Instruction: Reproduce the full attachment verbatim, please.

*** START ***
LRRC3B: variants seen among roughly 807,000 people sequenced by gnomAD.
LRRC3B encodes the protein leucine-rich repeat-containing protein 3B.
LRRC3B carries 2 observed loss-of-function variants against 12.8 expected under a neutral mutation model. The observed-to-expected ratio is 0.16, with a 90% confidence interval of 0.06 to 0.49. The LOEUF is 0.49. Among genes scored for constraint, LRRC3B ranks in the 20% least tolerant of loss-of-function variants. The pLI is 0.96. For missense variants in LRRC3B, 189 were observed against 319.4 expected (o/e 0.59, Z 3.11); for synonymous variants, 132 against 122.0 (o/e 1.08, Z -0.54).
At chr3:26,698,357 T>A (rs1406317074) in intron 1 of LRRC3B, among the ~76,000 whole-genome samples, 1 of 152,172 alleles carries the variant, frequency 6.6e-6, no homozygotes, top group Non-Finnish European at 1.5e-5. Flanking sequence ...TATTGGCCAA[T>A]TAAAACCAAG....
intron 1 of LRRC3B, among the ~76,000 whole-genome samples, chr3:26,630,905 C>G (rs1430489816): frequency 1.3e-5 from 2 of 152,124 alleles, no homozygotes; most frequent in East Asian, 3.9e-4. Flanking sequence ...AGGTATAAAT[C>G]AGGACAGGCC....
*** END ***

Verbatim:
LRRC3B: variants seen among roughly 807,000 people sequenced by gnomAD.
LRRC3B encodes the protein leucine-rich repeat-containing protein 3B.
LRRC3B carries 2 observed loss-of-function variants against 12.8 expected under a neutral mutation model. The observed-to-expected ratio is 0.16, with a 90% confidence interval of 0.06 to 0.49. The LOEUF is 0.49. Among genes scored for constraint, LRRC3B ranks in the 20% least tolerant of loss-of-function variants. The pLI is 0.96. For missense variants in LRRC3B, 189 were observed against 319.4 expected (o/e 0.59, Z 3.11); for synonymous variants, 132 against 122.0 (o/e 1.08, Z -0.54).
At chr3:26,698,357 T>A (rs1406317074) in intron 1 of LRRC3B, among the ~76,000 whole-genome samples, 1 of 152,172 alleles carries the variant, frequency 6.6e-6, no homozygotes, top group Non-Finnish European at 1.5e-5. Flanking sequence ...TATTGGCCAA[T>A]TAAAACCAAG....
intron 1 of LRRC3B, among the ~76,000 whole-genome samples, chr3:26,630,905 C>G (rs1430489816): frequency 1.3e-5 from 2 of 152,124 alleles, no homozygotes; most frequent in East Asian, 3.9e-4. Flanking sequence ...AGGTATAAAT[C>G]AGGACAGGCC....